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Op-ed by Ryan Lutes: It’s time to address Nova Scotia’s teacher shortage

  • February 21, 2023
  • Published by NSTU1

February 17, 2023

Op-ed by Ryan Lutes: It’s time to address Nova Scotia’s teacher shortage

Our public school system is under unprecedented strain. A perfect storm of population growth and a pandemic has exacerbated a teaching shortage that had been building for nearly a decade. Similarly, the needs of students have become increasingly more complex, especially against the backdrop of rising inflation, which is having the greatest impact on already marginalized communities.

Every day I’m hearing from teachers who are telling me that their working conditions, and their students’ learning conditions, are not sustainable. The struggle to meet the growing needs of students with less and less support is taking an enormous emotional toll on many teachers who have dedicated their entire professional lives to educating our children.

Too often teachers are being asked to supervise multiple classrooms due to a chronic shortage of qualified substitute teachers. As a result, teachers are finding it increasingly difficult to develop and prepare those rich learning experiences that leave an indelible impression on students. Those in our system who are tasked with ensuring the needs of our most vulnerable students are met, such as guidance counsellors and resource teachers, are now often being pulled away from their primary focus, which means a child in crisis may not get the support they need in timely manner. Of course, less one-on-one attention from teachers will have a negative impact on student success.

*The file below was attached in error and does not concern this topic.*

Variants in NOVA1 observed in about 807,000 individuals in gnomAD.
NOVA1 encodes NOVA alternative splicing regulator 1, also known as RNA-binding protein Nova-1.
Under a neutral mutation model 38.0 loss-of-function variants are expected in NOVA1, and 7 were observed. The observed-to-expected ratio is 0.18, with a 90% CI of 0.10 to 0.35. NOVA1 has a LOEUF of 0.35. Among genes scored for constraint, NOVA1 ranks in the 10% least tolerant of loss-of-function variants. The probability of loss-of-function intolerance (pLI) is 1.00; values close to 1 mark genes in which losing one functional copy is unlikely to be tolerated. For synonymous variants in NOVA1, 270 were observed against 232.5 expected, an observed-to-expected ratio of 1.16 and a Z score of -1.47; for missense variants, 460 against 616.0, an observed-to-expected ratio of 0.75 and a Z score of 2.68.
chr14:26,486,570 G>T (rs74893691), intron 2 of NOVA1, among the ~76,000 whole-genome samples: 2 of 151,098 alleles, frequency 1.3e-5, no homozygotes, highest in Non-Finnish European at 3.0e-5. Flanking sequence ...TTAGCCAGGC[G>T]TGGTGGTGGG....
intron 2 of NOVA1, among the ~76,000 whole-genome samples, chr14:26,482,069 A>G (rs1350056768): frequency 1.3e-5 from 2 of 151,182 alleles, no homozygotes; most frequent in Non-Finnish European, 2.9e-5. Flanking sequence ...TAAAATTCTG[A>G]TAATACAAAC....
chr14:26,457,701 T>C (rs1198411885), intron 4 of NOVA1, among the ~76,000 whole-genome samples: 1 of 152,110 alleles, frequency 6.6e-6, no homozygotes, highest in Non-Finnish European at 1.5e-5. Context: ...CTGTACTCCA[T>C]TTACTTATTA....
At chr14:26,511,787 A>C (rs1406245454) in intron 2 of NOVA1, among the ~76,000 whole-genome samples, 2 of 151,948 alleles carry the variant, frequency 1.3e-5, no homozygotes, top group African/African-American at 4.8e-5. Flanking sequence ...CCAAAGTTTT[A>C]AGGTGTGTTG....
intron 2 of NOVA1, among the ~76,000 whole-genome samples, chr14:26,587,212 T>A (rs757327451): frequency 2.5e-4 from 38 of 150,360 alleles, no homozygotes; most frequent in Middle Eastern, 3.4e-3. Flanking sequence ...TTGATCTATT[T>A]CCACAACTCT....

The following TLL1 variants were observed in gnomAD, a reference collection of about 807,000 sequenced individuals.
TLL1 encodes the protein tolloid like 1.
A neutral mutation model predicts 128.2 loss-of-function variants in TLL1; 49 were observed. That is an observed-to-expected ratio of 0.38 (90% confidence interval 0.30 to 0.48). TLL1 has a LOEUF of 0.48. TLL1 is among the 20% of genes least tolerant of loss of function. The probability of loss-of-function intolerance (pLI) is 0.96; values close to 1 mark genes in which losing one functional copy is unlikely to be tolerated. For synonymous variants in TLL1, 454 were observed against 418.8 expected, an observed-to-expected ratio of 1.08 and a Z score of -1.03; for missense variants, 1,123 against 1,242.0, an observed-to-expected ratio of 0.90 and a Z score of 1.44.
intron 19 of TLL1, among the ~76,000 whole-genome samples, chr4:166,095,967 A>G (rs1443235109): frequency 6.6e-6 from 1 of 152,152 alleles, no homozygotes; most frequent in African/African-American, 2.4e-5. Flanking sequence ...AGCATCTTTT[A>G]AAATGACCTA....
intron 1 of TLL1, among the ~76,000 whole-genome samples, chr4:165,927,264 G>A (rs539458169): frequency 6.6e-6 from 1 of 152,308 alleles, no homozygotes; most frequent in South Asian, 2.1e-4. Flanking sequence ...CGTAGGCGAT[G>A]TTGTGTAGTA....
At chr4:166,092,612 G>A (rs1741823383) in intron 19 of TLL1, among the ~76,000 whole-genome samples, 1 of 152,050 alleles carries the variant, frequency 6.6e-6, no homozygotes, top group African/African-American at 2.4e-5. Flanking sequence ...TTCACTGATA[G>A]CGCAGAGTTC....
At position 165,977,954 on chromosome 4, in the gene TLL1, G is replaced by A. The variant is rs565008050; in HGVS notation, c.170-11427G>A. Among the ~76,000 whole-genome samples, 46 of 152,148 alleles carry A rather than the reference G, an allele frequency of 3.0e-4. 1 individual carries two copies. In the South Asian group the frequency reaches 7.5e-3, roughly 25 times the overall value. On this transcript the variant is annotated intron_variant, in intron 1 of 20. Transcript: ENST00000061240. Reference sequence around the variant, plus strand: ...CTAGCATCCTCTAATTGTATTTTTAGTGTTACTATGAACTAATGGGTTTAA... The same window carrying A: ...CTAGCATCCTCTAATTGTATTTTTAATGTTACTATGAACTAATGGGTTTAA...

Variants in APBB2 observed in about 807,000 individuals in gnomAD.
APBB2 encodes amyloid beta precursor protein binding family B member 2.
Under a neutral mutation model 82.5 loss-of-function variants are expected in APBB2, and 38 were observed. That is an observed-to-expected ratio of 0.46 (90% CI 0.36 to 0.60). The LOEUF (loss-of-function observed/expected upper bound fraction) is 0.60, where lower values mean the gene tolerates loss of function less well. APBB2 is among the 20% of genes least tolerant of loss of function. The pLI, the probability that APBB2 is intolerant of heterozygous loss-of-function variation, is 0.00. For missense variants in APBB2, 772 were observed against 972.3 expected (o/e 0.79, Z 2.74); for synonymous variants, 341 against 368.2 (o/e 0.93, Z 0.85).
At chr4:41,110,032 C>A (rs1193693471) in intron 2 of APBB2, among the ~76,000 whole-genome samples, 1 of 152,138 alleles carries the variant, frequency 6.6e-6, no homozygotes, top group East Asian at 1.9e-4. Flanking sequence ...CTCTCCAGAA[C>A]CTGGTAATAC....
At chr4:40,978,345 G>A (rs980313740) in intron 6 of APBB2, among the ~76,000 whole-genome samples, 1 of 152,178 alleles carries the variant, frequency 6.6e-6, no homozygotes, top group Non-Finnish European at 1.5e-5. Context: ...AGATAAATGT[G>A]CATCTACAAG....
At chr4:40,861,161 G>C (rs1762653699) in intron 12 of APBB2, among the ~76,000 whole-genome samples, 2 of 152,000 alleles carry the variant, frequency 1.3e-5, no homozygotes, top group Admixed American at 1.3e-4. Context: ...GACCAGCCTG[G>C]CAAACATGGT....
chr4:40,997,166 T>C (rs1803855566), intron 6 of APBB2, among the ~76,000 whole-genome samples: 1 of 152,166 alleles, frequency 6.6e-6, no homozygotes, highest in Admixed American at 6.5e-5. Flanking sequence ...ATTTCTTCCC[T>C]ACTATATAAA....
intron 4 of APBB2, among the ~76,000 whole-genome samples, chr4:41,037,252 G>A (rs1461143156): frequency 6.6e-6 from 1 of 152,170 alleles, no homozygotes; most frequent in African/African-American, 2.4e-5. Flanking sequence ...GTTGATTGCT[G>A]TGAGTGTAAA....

While I’m encouraged by many of the initiatives the province has launched in recent months to support student learning,

Something the NSTU is recommending to improve the current situation is better pay for substitute teachers.

Nova Scotia’s substitute teachers are amongst the lowest paid in Canada and as such many young teachers are choosing to pursue different career paths, especially in today’s economy. The NSTU would like to see compensation for substitutes increased to become more competitive. Not only would this help fill many of the gaps the system is currently experiencing, but it would also encourage more young qualified teachers to pursue their careers in our province.

We all want our children to succeed. Let’s not allow the current situation to grow worse. Let’s take steps now to ensure that no student falls unnecessarily through the cracks which will only widen with inaction.